George Orwell once explained that his ability to write about politics – and what was obviously the source of his willingness to so sternly critique fellow socialists – came from his “power of facing unpleasant facts.”
His revulsion to political tribalism and his refusal to rationalize abuses of power led Orwell to expose the horrors of Soviet communism in Animal Farm and 1984. The books were so effective that modern conservatives mistake Orwell for one of our own. So did his contemporaries. “In the view of many on the official Left,” explained the noted communist academic Raymond Williams, “he committed the ultimate sin of ‘giving ammunition to the enemy.’”
While the situation for conservatives in Alabama isn’t nearly as grave, it’s time for us to face some unpleasant facts of our own, even if it gives ammunition to the enemy.
Unpleasant Fact No. 1: Some of our state’s Republican voters apparently don’t understand or don’t value conservatism as an overarching political philosophy or even as a candidate’s governing principle.
This was unmistakable after Donald Trump garnered more than 370,000 votes in our state’s Republican Presidential Primary in March – or 43.4 percent of all votes.
Whatever their reasons for choosing Trump, it wasn’t because of their common belief in limited government, free markets, and individual rights – the cornerstones of conservatism – and it certainly wasn’t because they valued the same cultural and religious traditions. Few conservatives think that Planned Parenthood does “wonderful things,” as Trump said, nor do they share his belief that government can snatch your family’s land away to give it to someone else because they’ll pay higher property taxes.
Trump’s supporters say they’re sending the establishment a message, but by sending them a lifelong liberal? One doesn’t need to be William F. Buckley to realize Trump isn’t a conservative. Just listen to what the man has said, and still says.
So either 370,000 Republicans in Alabama don’t know or understand why conservative principles are so important, they don’t really care, or worse, conservative ideas were never the reason they were Republicans in the first place. If the latter is true, one is left to hesitantly wonder if some of them simply dislike the people on the other side rather than their ideas.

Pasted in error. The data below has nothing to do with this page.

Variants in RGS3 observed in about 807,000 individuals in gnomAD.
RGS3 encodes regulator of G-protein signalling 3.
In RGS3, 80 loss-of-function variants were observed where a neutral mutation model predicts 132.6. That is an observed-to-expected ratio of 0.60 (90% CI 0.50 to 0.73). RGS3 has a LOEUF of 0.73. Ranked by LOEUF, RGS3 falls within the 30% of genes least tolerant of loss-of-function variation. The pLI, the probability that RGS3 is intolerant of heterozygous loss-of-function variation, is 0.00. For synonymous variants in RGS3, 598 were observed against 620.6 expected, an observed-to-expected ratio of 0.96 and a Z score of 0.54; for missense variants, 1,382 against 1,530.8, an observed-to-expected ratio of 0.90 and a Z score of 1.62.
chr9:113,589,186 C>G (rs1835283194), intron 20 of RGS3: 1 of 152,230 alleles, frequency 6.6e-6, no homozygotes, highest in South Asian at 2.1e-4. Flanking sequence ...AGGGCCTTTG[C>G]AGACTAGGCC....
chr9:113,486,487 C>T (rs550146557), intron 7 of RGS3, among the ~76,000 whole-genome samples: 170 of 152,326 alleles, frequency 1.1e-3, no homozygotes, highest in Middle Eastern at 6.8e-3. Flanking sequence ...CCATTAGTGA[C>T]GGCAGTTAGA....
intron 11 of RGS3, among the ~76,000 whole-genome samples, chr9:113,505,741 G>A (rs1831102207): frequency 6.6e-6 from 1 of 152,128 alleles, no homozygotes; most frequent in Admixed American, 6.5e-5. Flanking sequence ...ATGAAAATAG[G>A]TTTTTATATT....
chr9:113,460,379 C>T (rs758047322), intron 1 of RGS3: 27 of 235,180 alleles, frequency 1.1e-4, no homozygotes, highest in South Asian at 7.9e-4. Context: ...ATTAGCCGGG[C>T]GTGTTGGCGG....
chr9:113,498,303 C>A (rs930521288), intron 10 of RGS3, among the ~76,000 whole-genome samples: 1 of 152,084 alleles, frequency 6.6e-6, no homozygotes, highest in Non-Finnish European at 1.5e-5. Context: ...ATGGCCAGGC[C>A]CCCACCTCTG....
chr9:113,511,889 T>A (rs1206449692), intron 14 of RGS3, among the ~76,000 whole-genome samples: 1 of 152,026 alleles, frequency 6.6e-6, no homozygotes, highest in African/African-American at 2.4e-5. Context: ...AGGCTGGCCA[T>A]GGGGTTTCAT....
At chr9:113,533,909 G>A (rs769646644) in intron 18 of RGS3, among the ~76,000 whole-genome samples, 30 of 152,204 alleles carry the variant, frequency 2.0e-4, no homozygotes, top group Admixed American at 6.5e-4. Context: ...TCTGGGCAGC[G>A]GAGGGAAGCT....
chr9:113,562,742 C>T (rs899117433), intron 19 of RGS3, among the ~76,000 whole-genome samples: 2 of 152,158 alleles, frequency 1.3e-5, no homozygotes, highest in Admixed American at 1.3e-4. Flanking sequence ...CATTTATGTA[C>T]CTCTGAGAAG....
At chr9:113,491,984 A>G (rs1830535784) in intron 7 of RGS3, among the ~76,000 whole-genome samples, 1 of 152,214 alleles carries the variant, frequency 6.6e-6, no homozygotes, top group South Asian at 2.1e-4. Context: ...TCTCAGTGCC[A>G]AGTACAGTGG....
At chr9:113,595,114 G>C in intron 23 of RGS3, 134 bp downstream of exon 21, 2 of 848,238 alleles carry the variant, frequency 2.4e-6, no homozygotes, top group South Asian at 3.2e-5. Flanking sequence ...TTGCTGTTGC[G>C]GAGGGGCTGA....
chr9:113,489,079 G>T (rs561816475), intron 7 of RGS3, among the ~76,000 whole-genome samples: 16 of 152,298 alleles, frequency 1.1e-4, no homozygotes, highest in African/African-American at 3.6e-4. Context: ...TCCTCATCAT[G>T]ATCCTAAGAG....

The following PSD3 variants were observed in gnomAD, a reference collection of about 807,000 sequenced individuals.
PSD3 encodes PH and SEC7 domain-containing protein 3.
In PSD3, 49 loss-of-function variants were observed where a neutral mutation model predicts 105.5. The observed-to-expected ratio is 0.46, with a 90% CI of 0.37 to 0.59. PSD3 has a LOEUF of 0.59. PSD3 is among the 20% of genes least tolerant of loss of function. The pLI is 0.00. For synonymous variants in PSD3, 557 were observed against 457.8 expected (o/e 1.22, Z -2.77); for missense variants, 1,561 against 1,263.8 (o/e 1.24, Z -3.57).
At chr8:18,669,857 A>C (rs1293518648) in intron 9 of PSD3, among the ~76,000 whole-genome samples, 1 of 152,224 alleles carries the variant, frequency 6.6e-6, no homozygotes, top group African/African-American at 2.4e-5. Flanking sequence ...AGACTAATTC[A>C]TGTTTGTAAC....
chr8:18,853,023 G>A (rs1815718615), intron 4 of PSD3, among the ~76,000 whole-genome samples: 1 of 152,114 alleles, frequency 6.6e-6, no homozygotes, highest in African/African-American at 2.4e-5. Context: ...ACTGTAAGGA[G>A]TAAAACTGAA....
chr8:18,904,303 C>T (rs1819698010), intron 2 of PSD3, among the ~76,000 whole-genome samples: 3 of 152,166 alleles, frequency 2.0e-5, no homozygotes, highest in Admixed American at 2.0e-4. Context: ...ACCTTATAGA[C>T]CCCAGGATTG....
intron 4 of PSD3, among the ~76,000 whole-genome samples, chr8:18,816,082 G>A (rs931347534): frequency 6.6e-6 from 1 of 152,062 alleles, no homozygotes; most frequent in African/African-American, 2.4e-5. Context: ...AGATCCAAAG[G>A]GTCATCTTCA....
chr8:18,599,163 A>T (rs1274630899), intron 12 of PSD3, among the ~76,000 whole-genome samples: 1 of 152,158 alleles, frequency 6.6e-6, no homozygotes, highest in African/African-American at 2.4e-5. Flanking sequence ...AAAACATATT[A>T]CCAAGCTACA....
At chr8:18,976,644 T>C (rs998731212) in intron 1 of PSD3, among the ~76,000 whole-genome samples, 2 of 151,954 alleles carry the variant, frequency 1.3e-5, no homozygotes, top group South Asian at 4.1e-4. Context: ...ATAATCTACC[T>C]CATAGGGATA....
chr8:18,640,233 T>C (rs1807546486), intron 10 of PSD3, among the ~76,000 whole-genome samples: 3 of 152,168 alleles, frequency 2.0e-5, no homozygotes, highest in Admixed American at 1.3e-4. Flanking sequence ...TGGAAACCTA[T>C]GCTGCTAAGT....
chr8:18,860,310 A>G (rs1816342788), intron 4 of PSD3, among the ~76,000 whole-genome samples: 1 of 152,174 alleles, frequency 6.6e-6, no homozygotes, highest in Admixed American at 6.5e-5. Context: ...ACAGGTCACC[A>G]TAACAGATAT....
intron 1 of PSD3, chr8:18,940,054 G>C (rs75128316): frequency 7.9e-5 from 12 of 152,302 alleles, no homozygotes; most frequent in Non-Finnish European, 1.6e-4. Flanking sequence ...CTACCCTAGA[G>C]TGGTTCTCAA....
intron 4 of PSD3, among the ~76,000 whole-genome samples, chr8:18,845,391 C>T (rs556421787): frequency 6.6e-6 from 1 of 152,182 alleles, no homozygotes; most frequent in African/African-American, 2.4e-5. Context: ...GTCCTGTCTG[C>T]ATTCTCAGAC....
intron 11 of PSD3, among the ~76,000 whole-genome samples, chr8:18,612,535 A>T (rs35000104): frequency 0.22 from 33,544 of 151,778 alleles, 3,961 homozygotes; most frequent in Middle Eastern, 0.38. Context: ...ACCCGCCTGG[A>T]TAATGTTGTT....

Unpleasant Fact No. 2: Our governor – who is often seen as the de facto leader of the state’s Republican Party – has left an indelible and toxic stain on our movement.
Governor Robert Bentley is a walking caricature of a hypocritical holier-than-thou politician, and his behavior after being exposed has exhausted any forgiveness, or even pity, we may have given the man. What’s more, our opposition only needs to mention Bentley’s name whenever they want to persuade voters that Republicans are just a bunch of two-faced sanctimonious liars.
The chairman of the Alabama Republican Party recently tried to get ahead of this worry by reminding voters that Bentley doesn’t represent the entire party. Fair enough, but he’s certainly its most visible member … and he just won’t go away.
Unpleasant Fact No. 3: Our state’s Republican lawmakers seem reluctant to do anything about the first two facts.
The chairman also mentioned many of the remarkable achievements of the Republican majority in the past few years – and there certainly have been – but our leaders have nearly squandered an opportunity to not only enact conservative reforms, but also teach conservative principles. The leadership’s preferred use of the phrase “pro-business” rather than “pro-free market” is just one indicator that they’re more interested in short-term gains than building a principled party.
Their half-hearted approach to impeaching Bentley is another troubling sign. Rather than acting swiftly to remove and replace something toxic to our party’s brand – as Tylenol famously did during its poison scare in the 1980s – our lawmakers seem to have adopted a wait-and-see attitude.
But this is the antithesis of leadership, and when one party doesn’t lead, another party eventually will.
Meanwhile, we’d be wise to remember the admonishment from John Adams about how “facts are stubborn things.” We’ve done a poor job of teaching conservatism. We’ve done an even poorer job of electing true conservatives. And we’re in danger of losing it all unless we make some serious course corrections … and soon.